Relay on the Square
Webster County’s annual Relay for Life heads to downtown Fort Dodge
After taking part in the Survivor’s Lap Saturday morning during the American Cancer Society Relay For Life of Webster County, Honorary Survivor Duane Amhoff fell into conversation with Christen Sewell in the shade under one of the many trees on the Fort Dodge City Square where the event was held this year.
The two are not strangers.
Sewell manages the Trinity Cancer Center.
Amhoff was a patient there.
“I did the radiation on Duane,” she said.
Amhoff appreciates the availability of treatment in Fort Dodge.
“It’s phenomenal that we have all the resources here,” he said. “We don’t have to go out of town. After my treatments, I was able to go right back to work.”
Sewell was happy to see the Relay turnout, not only from her own team, but also from other teams at Trinity.
She’s also, like most, been touched by cancer.
“My father had lung cancer,” she said. “Fortunately, he only had to have surgery. We did the Relay in Humboldt last year.”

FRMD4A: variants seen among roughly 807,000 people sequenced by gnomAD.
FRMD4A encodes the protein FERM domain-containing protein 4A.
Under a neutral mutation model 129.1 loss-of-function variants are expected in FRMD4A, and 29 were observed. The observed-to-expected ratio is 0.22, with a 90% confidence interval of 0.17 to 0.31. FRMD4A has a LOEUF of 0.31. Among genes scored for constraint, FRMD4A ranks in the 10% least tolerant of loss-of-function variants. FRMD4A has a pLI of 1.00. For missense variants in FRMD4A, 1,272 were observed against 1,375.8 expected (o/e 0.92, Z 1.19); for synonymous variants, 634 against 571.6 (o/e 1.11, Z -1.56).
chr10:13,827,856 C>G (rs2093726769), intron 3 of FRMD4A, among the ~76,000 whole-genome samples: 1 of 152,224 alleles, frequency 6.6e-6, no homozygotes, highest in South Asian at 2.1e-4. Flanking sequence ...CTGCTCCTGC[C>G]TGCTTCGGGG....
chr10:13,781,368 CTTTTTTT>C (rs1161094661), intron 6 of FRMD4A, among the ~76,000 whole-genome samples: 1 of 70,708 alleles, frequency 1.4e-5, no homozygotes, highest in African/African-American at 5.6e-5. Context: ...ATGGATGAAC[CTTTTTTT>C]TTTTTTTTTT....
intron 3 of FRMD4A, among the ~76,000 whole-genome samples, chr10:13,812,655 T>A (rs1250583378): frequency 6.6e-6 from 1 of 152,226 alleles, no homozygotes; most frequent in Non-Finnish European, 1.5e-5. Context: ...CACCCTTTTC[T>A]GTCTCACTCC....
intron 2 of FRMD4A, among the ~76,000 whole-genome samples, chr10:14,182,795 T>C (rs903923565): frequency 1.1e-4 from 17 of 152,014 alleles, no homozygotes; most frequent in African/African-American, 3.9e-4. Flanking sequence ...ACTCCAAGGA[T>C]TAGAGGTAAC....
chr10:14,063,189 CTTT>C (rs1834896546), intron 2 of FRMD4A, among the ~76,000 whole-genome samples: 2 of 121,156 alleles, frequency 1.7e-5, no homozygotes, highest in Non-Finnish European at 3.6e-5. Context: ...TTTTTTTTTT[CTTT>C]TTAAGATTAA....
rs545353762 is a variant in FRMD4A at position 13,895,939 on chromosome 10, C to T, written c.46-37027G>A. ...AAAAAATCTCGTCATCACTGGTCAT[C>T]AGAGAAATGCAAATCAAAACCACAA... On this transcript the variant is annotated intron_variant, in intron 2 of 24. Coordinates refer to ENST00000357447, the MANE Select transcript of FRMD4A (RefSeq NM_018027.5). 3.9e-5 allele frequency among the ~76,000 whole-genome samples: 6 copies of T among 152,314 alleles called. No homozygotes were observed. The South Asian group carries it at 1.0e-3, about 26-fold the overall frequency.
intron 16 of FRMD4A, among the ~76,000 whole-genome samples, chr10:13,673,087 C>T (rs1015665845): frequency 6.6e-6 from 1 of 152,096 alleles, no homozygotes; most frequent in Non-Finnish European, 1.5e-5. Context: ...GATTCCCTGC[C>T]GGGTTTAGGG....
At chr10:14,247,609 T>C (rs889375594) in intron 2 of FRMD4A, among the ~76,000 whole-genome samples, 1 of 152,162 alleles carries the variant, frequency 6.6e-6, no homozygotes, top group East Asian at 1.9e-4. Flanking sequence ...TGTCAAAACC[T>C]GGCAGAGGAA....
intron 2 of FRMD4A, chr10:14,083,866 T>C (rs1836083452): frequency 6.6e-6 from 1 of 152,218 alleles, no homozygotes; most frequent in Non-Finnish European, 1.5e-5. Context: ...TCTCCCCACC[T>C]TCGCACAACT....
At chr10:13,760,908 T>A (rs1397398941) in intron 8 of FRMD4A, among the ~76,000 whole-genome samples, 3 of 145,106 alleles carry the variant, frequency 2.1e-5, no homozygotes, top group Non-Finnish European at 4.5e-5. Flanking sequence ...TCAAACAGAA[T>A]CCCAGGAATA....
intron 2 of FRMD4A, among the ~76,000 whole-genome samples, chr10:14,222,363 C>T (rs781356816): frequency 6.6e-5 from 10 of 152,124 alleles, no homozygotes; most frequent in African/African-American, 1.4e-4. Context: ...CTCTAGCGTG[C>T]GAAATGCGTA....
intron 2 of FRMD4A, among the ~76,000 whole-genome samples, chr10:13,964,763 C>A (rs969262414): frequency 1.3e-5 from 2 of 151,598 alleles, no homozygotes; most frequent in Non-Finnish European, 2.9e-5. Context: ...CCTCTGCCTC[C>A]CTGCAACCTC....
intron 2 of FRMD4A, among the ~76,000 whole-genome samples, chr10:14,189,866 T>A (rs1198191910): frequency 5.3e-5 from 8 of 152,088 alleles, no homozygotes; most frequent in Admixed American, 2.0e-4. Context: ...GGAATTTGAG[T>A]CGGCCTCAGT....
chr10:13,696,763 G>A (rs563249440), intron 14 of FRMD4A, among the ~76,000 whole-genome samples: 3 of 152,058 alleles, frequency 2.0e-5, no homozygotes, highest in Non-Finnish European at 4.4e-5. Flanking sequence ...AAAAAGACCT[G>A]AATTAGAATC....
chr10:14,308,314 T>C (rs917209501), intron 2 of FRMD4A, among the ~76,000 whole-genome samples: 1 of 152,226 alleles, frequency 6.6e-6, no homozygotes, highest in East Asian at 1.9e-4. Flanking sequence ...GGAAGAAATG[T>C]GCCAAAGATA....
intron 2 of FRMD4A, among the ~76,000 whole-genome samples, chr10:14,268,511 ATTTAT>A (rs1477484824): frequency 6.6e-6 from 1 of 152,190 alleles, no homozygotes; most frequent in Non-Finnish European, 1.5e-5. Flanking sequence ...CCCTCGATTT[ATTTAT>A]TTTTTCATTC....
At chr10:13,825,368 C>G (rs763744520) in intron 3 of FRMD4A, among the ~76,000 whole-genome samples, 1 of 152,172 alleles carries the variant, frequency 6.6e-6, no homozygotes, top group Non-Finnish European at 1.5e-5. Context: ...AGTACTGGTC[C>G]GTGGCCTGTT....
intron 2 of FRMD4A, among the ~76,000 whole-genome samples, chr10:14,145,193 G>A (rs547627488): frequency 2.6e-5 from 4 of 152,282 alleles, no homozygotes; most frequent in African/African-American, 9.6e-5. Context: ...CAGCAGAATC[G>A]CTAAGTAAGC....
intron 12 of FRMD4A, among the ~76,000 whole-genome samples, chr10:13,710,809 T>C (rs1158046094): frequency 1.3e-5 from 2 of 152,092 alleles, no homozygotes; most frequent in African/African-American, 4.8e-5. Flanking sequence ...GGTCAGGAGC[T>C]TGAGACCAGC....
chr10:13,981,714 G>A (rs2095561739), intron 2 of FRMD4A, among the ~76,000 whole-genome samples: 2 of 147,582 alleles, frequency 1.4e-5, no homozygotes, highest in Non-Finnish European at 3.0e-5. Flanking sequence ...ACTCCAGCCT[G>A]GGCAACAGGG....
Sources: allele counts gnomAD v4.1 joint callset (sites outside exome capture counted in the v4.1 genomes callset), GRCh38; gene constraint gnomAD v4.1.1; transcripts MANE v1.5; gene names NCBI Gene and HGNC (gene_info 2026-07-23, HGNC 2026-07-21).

While her dad has since passed away, it wasn’t from cancer.
For Amhoff there’s a long family history.
“My dad has just gone through treatment for bladder cancer,” he said. “He’s now cancer-free, he’s in good shape. There’s been a history in my family. It’s touched us way too much.”
He hopes to see that change with his own recovery.
“Hopefully we’re starting a new trend.” he said.
Having survived cancer himself, Amhoff is much more aware of how common it actually is.
“With cancer, you find out how rampant it is,” he said. “But there’s so much more treatment now. It doesn’t have to be the end — it’s a new beginning.”
Nearby, Emily Johnson, of Fort Dodge, was gathered with members of her family and friends. They had formed a team in support of her grandmother, Jill Lawler, of Fort Dodge who’s battling leukemia. Johnson showed off her muscles and posed for photos with the family shirt, which reads, “Together We Are Stronger.”
Amy Johnson, of Fort Dodge, is Lawler’s daughter.
“She’s doing pretty good,” she said. “We’re waiting for a stem cell transplant.”
She said her mom’s cancer was spotted during a routine physical. She hadn’t been feeling ill.
“Mom went in for a checkup,” Johnson said. “Her bloodwork didn’t look right and they came back and said you have leukemia. It took two months to sink in.”
Emily Johnson was surprised too.
“It came as a surprise for such a healthy grandma.” she said.
Attending the Relay has been a positive experience for the family.
“It makes you feel grateful,” Amy Johnson said. “We’re finding a lot of generous people.”